Japan Announces Disputed Islands Are Theirs, China Opposes

Japan Announces Disputed Islands Are Theirs, China Opposes

China has rejected Japan’s ownership claim over a controversial set of uninhabited islands in the East China Sea. Japan announced on September 11 that they have now already “nationalized” the Diaoyu Islands for three years, with Chief Cabinet Secretary Yoshihide Suga saying that he felt regret over China continuing to enter Japanese territory. In response, China’s Ministry of Foreign Affairs spokesman Hong Lei said that the islands were inherently part of China, and this would be defended. One netizen said, “Taiwan is China’s, the Diayu islands are China’s, and in the future Japan will also be China’s!”

Source: Netease

Help us maintain a vibrant and dynamic discussion section that is accessible and enjoyable to the majority of our readers. Please review our Comment Policy »
  • Vance

    Pie slice the damn things and be done with it. Each claimant gets a third of the bed where the oil is. China is bigger in area than the US, they ought to have some more oil somewhere and not need to obsess over those rocks.

    • mr.wiener

      Doesn’t matter how much oil is there…it is all about dick measuring now…

      • vonskippy

        Asian dick measuring, the new frontier in micro-management.

        • Alex Dương

          Should I interpret that as an anti-Japanese or anti-Korean bash?

          • Jahar

            I interpret it as a joke.

          • Alex Dương

            How convenient.

          • Jahar

            how convenient? That I see a joke as a joke? and you don’t, right? how convenient.

          • Alex Dương

            Well, if you need it to be spelled out, so be it. A few months ago, I asked vonskippy to cut back on his casual anti-Chinese racism. He quite petulantly protested that he was being unfairly singled out because cS tolerates Korean and Japanese bashing. Of course he provided no examples at the time, but he has provided one himself now.

            You defended him then and agreed with his protest: he was only being singled out because he cracked an anti-Chinese remark. You didn’t say he was joking, although you could have. Now, he’s making a remark that applies to Koreans and Japanese too. What do you say? He’s joking.

            Yeah, I’d say that’s pretty convenient.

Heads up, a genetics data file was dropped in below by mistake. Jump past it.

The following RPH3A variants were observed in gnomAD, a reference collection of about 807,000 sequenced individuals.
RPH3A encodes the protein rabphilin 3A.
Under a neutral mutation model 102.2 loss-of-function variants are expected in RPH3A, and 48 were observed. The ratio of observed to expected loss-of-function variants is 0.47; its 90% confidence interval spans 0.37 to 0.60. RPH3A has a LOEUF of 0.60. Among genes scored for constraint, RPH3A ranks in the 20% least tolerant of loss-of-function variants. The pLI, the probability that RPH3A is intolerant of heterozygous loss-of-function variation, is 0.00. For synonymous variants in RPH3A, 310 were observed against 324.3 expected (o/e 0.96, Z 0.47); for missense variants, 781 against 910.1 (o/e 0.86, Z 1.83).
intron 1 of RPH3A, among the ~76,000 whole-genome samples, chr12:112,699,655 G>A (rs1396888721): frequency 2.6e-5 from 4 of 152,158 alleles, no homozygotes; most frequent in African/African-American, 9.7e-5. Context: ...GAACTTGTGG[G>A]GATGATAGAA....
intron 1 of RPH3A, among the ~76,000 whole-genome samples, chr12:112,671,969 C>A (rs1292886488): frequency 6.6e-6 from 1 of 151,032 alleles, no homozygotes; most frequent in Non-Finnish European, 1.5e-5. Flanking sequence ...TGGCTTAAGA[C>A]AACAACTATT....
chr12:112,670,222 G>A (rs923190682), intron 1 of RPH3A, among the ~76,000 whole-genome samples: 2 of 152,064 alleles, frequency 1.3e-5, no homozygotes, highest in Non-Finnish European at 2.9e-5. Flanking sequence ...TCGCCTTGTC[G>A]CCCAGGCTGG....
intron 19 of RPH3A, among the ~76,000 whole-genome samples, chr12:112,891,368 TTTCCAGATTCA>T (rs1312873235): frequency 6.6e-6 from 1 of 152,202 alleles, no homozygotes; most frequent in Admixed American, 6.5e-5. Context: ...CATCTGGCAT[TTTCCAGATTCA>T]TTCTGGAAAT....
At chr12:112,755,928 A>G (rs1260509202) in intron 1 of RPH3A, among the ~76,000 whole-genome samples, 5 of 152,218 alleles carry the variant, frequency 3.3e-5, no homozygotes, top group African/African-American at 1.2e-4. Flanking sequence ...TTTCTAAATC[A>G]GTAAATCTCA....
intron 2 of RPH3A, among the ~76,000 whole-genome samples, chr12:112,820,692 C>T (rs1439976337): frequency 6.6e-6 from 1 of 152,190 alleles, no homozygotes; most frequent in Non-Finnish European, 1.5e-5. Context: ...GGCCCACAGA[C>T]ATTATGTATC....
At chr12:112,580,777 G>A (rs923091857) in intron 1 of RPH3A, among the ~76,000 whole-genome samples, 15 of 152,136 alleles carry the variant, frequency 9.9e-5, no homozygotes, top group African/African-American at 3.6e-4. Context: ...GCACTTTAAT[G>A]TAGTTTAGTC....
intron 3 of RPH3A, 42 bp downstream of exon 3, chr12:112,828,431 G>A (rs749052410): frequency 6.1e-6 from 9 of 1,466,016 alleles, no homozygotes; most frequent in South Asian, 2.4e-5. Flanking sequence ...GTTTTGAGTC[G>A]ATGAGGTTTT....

• Jahar

            I thought he was joking at that time as well.

          • Alex Dương

            But that is not how you defended him. You didn’t say “I interpret it as a joke.” You said “I perceive any complimentary comments given about any specific group as racism/prejudice against all other groups, so can we also call out anyone making pro-chinese comments?” You were seriously trying to defend what he said not as a joke.

          • Jahar

            I didn’t say I said it was a joke. And that was me arguing the situation, not my opinion of whether or not it was a joke.

          • Alex Dương

            Exactly. You didn’t say that. Hence, the convenience.

          • Jahar

            you said me saying the recent comment was convenient, not the previous comment.

          • Alex Dương

            No, in context, I said that the combination of your comments is rather convenient. You could have said both statements were jokes, but you didn’t.

          • Jahar

            I see what you meant. You didn’t say it in your original statement, but in the one to clarify. For the previous statement, there was no discussion as to how I actually interpret it. the comment you quoted, as I’m sure you realized, was me being facetious.

          • Alex Dương

            As I stated before, we accept criticism of unfair treatment. We try to treat everyone fairly. If you, vonskippy, or anyone else thinks we can do better, we’ll try. But from my POV, it’s annoying for him to complain that we accept Korean and Japanese bashing, provide zero evidence, and then make a comment like this. Was he joking? Probably. It’s still hypocritical, though.

          • Jahar

            He didn’t provide any, but that doesn’t mean it’s not there. I’ve seen some pretty racist comments directed at the Japanese and western people here. Worse than what he said. And you do tend to defend China and Chinese people more than other groups.

          • Alex Dương

            If you see such comments, please flag them. I tend to miss comments that are made while I’m asleep. Regarding your last point, to take you as an example, you hardly ever criticize Japanese, Koreans, etc. here. (Now, obviously, this is chinaSMACK; it shouldn’t be a surprise that China is the primary focus here and not Japan, Korea, etc.) I can’t “defend” Japan or Korea if you aren’t making any negative remarks about them. Honestly, the worst comment I can recall anyone making about Japan in the recent past is wghUK arguing that Japanese cars suck.

          • Jahar

            Well, I’m actually not really bothered by that type of comment, and I don’t believe we need to censor it. I just think it should be even. So flagging them would go against one line of thinking to support another.

            I live here, so of course I’m more critical of this place. And, yeah, it’s generally the topic of discussion. I had plenty of criticism for Canada and South Korea in the past. And still do, but it’s rarely the time or the place to bring it up.

        • Teacher in China

          The last thing we need around here is another Harry Hogfart. Take that shit to Shanghaiist, man.

      • Vance